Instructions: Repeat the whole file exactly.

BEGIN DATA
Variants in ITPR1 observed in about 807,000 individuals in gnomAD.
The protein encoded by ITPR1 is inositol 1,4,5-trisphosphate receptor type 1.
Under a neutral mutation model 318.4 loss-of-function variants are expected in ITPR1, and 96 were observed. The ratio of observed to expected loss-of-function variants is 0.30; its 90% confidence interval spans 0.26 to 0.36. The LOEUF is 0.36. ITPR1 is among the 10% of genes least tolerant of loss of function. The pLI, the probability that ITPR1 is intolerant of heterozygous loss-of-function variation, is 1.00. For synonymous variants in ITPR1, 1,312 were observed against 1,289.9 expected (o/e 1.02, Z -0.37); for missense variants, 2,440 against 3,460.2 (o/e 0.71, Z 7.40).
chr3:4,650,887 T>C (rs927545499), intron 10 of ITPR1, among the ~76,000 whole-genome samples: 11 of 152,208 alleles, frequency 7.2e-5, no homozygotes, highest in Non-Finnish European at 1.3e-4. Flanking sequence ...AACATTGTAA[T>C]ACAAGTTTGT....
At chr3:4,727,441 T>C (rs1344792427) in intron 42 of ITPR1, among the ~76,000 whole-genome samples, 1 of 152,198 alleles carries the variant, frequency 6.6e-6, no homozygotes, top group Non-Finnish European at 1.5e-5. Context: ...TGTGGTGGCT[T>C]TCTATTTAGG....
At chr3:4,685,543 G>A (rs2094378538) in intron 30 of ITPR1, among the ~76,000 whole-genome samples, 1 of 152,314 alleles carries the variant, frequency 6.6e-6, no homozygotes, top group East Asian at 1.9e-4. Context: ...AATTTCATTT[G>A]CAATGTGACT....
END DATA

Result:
Variants in ITPR1 observed in about 807,000 individuals in gnomAD.
The protein encoded by ITPR1 is inositol 1,4,5-trisphosphate receptor type 1.
Under a neutral mutation model 318.4 loss-of-function variants are expected in ITPR1, and 96 were observed. The ratio of observed to expected loss-of-function variants is 0.30; its 90% confidence interval spans 0.26 to 0.36. The LOEUF is 0.36. ITPR1 is among the 10% of genes least tolerant of loss of function. The pLI, the probability that ITPR1 is intolerant of heterozygous loss-of-function variation, is 1.00. For synonymous variants in ITPR1, 1,312 were observed against 1,289.9 expected (o/e 1.02, Z -0.37); for missense variants, 2,440 against 3,460.2 (o/e 0.71, Z 7.40).
chr3:4,650,887 T>C (rs927545499), intron 10 of ITPR1, among the ~76,000 whole-genome samples: 11 of 152,208 alleles, frequency 7.2e-5, no homozygotes, highest in Non-Finnish European at 1.3e-4. Flanking sequence ...AACATTGTAA[T>C]ACAAGTTTGT....
At chr3:4,727,441 T>C (rs1344792427) in intron 42 of ITPR1, among the ~76,000 whole-genome samples, 1 of 152,198 alleles carries the variant, frequency 6.6e-6, no homozygotes, top group Non-Finnish European at 1.5e-5. Context: ...TGTGGTGGCT[T>C]TCTATTTAGG....
At chr3:4,685,543 G>A (rs2094378538) in intron 30 of ITPR1, among the ~76,000 whole-genome samples, 1 of 152,314 alleles carries the variant, frequency 6.6e-6, no homozygotes, top group East Asian at 1.9e-4. Context: ...AATTTCATTT[G>A]CAATGTGACT....